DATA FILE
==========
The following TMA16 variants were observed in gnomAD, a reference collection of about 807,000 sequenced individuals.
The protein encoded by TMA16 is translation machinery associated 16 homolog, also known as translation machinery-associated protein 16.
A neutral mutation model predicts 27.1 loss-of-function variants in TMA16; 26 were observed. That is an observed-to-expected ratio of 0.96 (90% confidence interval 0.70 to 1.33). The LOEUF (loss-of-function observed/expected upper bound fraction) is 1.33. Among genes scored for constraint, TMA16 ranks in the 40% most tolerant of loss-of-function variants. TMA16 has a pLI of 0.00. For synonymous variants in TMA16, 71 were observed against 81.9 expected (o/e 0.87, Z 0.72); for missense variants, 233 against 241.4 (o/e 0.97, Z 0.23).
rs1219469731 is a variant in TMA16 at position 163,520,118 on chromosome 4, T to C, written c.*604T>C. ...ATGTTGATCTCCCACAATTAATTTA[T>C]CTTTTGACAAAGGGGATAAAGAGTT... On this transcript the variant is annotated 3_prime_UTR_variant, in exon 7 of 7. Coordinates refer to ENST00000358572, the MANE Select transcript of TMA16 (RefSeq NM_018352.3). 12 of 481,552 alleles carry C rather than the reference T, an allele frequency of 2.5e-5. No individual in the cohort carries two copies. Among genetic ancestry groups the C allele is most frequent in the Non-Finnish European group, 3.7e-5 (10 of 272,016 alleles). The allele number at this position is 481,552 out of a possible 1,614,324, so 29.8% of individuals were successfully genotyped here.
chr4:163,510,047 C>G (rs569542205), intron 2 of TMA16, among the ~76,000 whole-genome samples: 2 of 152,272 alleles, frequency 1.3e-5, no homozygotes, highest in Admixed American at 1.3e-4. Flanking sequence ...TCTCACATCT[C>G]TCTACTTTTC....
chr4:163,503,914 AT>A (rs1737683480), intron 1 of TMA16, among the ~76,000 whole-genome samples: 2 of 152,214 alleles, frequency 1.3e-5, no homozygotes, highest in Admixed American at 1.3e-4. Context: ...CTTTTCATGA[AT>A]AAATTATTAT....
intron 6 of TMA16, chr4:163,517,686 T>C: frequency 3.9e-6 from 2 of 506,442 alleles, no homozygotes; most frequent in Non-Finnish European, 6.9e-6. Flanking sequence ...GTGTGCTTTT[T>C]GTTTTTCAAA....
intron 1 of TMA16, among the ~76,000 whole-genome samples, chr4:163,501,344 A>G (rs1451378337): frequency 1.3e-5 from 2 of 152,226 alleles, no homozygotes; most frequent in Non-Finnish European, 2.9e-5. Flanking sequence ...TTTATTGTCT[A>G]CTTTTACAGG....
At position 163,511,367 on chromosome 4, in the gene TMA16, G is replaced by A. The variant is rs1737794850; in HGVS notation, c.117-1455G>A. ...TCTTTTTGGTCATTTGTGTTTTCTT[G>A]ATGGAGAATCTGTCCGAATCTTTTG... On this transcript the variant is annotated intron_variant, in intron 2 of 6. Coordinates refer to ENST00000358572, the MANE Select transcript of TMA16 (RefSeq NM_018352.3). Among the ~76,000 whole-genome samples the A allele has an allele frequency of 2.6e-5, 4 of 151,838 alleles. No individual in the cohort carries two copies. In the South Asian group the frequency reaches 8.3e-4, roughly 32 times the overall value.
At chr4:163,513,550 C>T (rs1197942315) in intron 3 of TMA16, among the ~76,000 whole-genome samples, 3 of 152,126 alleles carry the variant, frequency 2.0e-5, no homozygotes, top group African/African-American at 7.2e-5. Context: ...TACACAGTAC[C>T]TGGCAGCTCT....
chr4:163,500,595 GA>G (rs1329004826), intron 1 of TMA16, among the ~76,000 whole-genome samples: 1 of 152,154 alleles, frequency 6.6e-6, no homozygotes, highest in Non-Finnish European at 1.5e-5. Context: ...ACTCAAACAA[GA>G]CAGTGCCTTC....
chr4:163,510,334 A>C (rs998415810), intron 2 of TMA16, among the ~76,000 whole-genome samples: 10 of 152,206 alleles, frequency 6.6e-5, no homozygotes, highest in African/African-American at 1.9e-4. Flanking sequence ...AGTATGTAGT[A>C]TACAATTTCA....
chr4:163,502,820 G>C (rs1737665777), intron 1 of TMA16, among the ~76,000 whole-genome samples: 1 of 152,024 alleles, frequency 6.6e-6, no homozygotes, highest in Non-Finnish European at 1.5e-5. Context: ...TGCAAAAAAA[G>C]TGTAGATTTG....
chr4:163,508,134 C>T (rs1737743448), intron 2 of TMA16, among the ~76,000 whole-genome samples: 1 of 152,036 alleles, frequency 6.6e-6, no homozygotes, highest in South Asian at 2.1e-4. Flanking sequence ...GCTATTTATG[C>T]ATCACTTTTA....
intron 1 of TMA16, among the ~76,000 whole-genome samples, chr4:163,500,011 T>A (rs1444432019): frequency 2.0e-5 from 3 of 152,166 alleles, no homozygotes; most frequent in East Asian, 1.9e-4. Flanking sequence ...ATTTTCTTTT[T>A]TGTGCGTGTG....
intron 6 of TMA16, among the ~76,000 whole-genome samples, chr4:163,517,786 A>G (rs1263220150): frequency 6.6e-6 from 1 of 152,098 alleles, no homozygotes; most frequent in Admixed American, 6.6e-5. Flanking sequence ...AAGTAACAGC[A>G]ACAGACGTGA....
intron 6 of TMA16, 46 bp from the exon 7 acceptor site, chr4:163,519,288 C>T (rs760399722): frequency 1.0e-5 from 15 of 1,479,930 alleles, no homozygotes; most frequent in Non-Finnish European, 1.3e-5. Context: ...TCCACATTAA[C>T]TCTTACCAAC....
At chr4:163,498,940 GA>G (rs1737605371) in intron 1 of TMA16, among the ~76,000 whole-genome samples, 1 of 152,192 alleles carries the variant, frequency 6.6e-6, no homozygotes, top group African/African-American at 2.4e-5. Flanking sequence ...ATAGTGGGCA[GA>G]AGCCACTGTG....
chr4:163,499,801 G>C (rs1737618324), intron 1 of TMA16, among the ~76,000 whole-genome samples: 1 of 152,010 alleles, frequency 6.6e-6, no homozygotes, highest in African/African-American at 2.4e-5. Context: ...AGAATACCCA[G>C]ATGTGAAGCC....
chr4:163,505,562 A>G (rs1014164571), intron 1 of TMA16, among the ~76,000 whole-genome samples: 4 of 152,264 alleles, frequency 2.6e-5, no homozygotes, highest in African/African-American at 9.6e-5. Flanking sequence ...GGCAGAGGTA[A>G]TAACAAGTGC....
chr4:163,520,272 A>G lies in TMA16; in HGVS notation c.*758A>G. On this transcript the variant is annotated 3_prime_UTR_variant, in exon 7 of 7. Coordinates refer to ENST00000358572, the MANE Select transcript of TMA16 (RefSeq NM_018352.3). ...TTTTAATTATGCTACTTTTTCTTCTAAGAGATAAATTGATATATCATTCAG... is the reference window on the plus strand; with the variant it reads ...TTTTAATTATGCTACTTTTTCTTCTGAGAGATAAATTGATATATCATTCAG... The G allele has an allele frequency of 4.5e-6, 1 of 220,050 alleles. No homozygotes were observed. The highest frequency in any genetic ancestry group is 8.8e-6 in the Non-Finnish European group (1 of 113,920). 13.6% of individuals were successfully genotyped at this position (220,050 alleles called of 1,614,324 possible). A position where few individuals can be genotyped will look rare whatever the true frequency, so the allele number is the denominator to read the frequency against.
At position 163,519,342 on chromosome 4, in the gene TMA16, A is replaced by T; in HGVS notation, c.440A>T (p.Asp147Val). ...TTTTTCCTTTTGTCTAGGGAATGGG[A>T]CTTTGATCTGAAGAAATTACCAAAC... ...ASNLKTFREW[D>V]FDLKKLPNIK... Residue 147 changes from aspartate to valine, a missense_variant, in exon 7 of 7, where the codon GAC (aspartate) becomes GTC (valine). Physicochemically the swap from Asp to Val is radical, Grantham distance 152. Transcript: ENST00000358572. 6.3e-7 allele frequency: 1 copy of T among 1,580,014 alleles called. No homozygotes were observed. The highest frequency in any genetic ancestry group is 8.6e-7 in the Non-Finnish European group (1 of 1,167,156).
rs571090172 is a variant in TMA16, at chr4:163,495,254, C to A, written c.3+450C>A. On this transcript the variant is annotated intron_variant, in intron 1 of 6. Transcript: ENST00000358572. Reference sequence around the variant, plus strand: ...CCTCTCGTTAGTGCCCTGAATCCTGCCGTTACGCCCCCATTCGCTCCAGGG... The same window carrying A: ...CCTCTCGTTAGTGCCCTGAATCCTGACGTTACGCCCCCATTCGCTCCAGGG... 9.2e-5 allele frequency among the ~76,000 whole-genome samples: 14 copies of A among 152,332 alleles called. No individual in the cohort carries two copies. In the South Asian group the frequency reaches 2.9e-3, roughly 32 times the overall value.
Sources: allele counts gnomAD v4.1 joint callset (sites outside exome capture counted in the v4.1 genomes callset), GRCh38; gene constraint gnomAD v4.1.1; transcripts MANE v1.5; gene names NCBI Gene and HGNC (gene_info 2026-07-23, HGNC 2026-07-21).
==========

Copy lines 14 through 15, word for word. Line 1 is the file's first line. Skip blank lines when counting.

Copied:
chr4:163,508,134 C>T (rs1737743448), intron 2 of TMA16, among the ~76,000 whole-genome samples: 1 of 152,036 alleles, frequency 6.6e-6, no homozygotes, highest in South Asian at 2.1e-4. Flanking sequence ...GCTATTTATG[C>T]ATCACTTTTA....
intron 1 of TMA16, among the ~76,000 whole-genome samples, chr4:163,500,011 T>A (rs1444432019): frequency 2.0e-5 from 3 of 152,166 alleles, no homozygotes; most frequent in East Asian, 1.9e-4. Flanking sequence ...ATTTTCTTTT[T>A]TGTGCGTGTG....